Stocks ended Friday’s session under pressure from mounting concerns about COVID-19 lockdowns across Europe, which increased fears of future limitations outside of Europe, putting pressure on blue-chip stocks, energy, and the broader market.
The Dow Jones Industrial Average fell 200 points, or 0.6 percent, to the swing low level in three weeks and was down 1% for the week, while the S&P 500 saw a small daily gain. The NASDAQ Composite, on the other hand, established a new high, boosted by rising technology stocks.
Treasury yields fell early on Friday as investors flocked to safe-haven assets, which had risen in reaction to mounting inflation fears. This week, Brent crude fell almost 3% due to worries that energy consumption may be stifled by lockdowns, putting it on track for its lowest week in a year.
- S&P 500: -6.01 (-0.13%) to 4,698.53
- Dow & Jones: -264.33 (-0.74%) to 35,606.62
- Nasdaq: +63.73 (+0.40%) to 16,057.44
- Crude: -$2.90 (-3.67%) to $76.11 a barrel
- Gold: -$12.40 (-0.67%) to $1,849.00 per ounce
- 10-year Treasury: -0.4bps to yield 1.539%
Rivian (RIVN) stock stumbled owing to the news that Ford was abandoning a plan to form a joint venture to build an EV with the automaker. When Ford invested $500 million in Rivian in 2019, the two firms said they were working on a combined vehicle. Ford still has a 12 percent share in Rivian, valued at more than $10 billion at its IPO last week.
When Ford invested $500 million in Rivian in 2019, the two firms said they were working on a combined vehicle. They then stated that it would be for Ford’s high-end Lincoln brand, but Ford scrapped those plans last year. At the time, the company said that the automakers would continue to look for alternative ways to work.
Rivian made a big splash when it went public on November 10, 2021. Investors swiftly pushed up the EV upstart’s stock to a total market value of over $150 billion, virtually equaling the combined market capitalization of industry giants Ford and General Motors.
Rivian’s stock has lost more than 30% of its value after rising as high as 130 percent from its $78 initial public offering (IPO) price in the last few days.
On Friday, Nvidia stock rose 4% as investors grew more optimistic about the chipmaker’s data center and Omniverse ambitions. The rise was on top of Thursday’s 11% jump after Nvidia topped third-quarter earnings and sales projections.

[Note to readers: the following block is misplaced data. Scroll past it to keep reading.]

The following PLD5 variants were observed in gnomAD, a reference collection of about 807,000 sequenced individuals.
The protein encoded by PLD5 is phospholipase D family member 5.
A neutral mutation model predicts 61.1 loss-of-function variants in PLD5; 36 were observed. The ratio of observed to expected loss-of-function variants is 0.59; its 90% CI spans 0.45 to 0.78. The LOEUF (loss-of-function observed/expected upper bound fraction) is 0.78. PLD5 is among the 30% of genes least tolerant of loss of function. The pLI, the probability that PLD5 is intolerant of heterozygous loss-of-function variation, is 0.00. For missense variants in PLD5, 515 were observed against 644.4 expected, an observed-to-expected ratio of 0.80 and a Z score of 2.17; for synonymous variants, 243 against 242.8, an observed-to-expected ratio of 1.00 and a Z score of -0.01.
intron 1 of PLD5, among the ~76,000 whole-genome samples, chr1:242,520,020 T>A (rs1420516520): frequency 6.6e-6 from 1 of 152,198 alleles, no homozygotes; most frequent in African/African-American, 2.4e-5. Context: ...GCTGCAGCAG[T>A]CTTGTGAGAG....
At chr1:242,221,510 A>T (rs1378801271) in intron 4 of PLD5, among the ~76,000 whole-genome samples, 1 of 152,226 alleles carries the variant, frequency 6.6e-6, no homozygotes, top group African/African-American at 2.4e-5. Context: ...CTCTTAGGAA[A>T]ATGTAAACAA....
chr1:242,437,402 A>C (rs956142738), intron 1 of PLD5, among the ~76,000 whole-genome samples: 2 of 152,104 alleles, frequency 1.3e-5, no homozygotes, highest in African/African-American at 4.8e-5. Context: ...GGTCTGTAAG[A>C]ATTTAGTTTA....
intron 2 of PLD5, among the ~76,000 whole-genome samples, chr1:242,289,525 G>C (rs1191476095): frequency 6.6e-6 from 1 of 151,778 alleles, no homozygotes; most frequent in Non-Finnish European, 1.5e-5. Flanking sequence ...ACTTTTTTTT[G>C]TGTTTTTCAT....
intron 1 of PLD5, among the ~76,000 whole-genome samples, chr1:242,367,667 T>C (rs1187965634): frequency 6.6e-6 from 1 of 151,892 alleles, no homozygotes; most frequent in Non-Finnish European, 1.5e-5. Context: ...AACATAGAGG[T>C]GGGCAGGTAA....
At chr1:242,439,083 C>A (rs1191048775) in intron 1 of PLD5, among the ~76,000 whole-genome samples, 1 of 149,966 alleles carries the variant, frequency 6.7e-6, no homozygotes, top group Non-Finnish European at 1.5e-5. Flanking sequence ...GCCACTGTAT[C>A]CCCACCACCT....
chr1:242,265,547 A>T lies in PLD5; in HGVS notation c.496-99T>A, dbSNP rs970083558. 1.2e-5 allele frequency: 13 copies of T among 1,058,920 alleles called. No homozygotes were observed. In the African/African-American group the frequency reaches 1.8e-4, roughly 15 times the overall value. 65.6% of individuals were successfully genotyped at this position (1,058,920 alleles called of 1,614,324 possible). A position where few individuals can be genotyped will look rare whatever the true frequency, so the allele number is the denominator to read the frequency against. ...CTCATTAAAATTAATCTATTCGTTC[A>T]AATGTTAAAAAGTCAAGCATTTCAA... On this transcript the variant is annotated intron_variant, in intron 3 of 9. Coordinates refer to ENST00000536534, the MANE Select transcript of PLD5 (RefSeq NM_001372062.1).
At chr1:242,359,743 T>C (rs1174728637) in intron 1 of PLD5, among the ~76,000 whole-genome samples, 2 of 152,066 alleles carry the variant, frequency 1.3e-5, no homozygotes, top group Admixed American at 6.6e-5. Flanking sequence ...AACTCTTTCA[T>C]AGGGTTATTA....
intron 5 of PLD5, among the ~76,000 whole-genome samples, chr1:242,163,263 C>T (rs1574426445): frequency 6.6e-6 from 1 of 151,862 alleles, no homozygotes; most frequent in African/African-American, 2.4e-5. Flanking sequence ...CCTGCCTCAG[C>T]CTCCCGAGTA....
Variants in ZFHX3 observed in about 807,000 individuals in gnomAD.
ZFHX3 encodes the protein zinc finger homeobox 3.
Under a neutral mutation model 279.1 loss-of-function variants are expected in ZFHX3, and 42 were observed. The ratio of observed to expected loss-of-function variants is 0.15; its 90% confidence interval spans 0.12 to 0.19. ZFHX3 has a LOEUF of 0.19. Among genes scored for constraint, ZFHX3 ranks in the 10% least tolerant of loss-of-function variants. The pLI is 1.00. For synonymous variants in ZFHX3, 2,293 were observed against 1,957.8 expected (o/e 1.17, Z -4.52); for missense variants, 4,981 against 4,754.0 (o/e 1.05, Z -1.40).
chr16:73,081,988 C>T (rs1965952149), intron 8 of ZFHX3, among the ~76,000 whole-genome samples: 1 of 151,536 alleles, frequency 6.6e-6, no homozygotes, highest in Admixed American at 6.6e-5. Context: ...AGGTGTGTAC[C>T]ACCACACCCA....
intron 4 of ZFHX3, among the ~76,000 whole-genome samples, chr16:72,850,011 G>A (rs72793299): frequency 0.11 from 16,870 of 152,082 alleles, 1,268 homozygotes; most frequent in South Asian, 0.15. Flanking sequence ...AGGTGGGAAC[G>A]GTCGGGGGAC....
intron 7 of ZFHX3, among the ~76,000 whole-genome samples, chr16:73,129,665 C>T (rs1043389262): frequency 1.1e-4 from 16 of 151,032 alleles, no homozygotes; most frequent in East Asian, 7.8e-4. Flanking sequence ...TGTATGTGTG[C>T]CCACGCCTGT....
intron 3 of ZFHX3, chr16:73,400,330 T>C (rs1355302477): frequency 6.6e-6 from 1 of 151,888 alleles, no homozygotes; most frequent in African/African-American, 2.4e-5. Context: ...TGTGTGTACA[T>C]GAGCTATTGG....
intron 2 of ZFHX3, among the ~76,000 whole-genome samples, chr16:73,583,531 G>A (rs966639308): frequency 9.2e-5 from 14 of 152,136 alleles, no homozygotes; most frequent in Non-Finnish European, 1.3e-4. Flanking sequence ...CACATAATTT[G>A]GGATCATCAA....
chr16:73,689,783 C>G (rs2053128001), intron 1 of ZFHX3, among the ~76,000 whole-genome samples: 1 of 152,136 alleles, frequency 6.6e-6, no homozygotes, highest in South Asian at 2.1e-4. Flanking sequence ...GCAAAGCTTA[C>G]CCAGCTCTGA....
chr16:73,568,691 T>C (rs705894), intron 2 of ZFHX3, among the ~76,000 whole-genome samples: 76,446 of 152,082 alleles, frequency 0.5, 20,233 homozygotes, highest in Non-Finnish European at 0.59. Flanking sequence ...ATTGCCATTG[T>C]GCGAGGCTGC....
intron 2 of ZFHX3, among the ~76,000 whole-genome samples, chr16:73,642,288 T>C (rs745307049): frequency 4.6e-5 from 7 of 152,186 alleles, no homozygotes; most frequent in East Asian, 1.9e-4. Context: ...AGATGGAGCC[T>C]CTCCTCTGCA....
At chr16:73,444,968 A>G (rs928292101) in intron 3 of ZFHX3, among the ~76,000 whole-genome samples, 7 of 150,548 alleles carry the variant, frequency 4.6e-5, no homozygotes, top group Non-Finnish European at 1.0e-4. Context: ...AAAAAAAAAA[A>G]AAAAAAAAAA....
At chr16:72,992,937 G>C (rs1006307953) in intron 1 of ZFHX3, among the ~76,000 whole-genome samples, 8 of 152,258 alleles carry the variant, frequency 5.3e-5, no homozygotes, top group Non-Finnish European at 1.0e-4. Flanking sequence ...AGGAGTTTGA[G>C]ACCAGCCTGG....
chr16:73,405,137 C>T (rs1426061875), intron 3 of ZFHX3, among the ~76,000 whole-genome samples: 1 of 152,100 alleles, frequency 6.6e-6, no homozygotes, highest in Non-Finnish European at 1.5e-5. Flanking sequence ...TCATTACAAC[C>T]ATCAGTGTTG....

The chipmaker posted $1.17 adjusted earnings per share and $7.1 billion in revenue. Analysts predicted $1.11 profits per share and $6.82 billion in revenue.
Earnings per share increased by 60% year over year, while revenue increased by 50%. Nvidia also stated that revenue for the current quarter would be $7.4 billion, exceeding analysts’ expectations of $6.86 billion. Nvidia’s shares had risen more than 144 percent year to date as of the market close.
Crude Oil Sees Further Falls
After Austria issued a state-wide lockdown, oil prices plunged to a six-week low on Friday, owing to demand concerns. At the time of writing, momentum continued to push crude down and it was on track to lose the fourth week in a row for the first time in over a year.
The Biden Administration is looking into measures to lower gas costs, which have risen to their highest level in seven years. However, for consumers seeking a break at the pump, the decreases are unlikely to materialize into cheaper gas prices right away. According to AAA, the national average for a gallon of gas hit a seven-year high of $3.41 on Friday, compared to $3.34 a month ago and $2.12 a year ago. NYMEX Crude Oil futures for delivery in January 2022 fell more than 4% to a session low of $75.37, the lowest price since October 7.
Coffee Rockets Higher
Bloomberg said a perfect storm of supply issues have pushed coffee prices to multi-year highs – Coffee futures traded on the ICE US exchange rose to the highest point in ten years. Sugar has increased as well, reaching the highest level in a month although on Friday saw some profit-taking.
Both Coffee and sugar prices have risen this year for various reasons, the most notable of which is the drought in Brazil depleting warehouse stocks. Brazil is the world’s largest coffee and sugar producer, so issues there can impact sugar supplies and coffee drinkers worldwide. However, tight supplies aren’t limited to Brazil; supply chain disruptions have caused havoc on global production and distribution of various commodities, from lumber to soybean, exacerbating the shortfall.